LETTERS: Students’ voices matter in shaping future

Editor:

Re: Hijacking of our education system, March 27.

I am a student who participated in the School Strike for Climate. While Tom Fletcher (among others) has understood this event as brainwashed children skipping school, nothing could be further from the truth. The organizers of this event are incredibly dedicated and gifted students who are probably the top of their classes. Their decision to strike is a moral choice.

I cannot speak for all, but I can explain why I chose to participate in this strike. I am currently a student studying business and environment, and after dedicating the last 16 years to learning, I have come to hold an utmost respect for science-based policy making. I see an incredible lack of this in national policy. Greta Thunberg, the young Swedish woman leading these global protests, emphasizes that the goal is to have governments listen to scientists, instead of just corporations.

The IPCC, an independent body of volunteer, world-class scientists, recently released a report upon the request of governments in which they recommend limiting global warming to 1.5 degrees Celsius. This is a highly credible source and a report I would encourage all to read. This target, however, will require significantly more robust policy than the federal government currently enforces: global temperatures would increase 5 degrees Celsius by 2100 if all nations acted as our federal government has. This would be a world of climate chaos, and I believe policy reform is required to prevent such a course.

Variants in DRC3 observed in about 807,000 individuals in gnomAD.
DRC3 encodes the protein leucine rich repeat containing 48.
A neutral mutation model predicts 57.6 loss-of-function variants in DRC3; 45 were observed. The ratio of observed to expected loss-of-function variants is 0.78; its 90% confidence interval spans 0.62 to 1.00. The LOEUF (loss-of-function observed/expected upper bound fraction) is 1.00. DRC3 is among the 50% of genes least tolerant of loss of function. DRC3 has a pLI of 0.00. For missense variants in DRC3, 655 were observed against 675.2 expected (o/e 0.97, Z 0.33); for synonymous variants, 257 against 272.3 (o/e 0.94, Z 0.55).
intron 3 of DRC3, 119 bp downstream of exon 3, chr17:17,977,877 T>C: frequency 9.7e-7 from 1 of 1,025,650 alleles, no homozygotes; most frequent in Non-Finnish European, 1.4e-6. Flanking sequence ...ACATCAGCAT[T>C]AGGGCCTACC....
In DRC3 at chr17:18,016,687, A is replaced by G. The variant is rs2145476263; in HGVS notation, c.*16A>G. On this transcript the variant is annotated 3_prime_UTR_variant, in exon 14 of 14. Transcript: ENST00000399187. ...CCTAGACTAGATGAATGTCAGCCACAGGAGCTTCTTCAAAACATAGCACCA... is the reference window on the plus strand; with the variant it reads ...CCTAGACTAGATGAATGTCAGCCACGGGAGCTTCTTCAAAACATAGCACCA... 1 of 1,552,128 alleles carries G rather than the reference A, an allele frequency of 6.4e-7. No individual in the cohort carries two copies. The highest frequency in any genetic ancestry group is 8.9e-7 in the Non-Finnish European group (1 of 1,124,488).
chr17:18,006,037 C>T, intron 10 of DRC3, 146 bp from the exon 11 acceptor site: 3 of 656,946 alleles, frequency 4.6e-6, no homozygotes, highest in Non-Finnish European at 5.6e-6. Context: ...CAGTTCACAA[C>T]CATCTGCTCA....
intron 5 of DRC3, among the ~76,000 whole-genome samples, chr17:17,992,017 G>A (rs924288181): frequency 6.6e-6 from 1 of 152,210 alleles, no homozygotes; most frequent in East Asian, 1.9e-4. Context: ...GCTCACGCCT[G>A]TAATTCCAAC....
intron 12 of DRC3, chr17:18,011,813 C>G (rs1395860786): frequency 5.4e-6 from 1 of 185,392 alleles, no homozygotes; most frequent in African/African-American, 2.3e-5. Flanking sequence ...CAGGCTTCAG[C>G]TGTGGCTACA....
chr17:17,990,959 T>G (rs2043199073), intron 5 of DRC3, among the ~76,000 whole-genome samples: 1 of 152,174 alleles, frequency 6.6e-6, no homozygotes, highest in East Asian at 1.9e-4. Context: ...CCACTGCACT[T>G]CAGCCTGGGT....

When you say “students are getting a different message: democratic governments don’t matter,” you could not be more wrong, Mr. Fletcher. The problem, you see, is that us young people who will inherit this world of climate chaos are currently too young to run for government or influence it as corporations do, despite climate change being an impending crisis.

Many strikers are too young to even vote. You can trust that you will see young leaders engage fervently with our democratic institutions in the decades to come. But until then, why should we not exercise the right to peaceful assembly guaranteed in Sec. 2 of the Canadian constitution?

Even democratically elected governments hold the highest respect for our fundamental freedoms. The reason for this is embedded in the foundation of our nation: it is not only those currently in power who should have a voice in the future of our world.

Elise Burgert, SFU student

•••

Tom Fletcher criticizes the student protests that occurred all over the world, but the young people have every right. They feel frustrated and helpless as they see us ruining the world they will inherit. They assume that we just do not care.

They cannot believe that we are swayed, by the propaganda of vested interests, to disregard the work of major scientific organizations. The science is not so hard to understand.

They know that if petroleum is necessary for production of necessities, that we should not be wasting it. They know that we have made almost no effort to cut back on using it.

They can spend 10 minutes on the internet to learn that fracked, liquefied natural gas is more harmful than coal. They must think that we are ignorant.

The teachers that Tom derides have done a good job. The students are thinking for themselves.

Bill McConnell, Surrey

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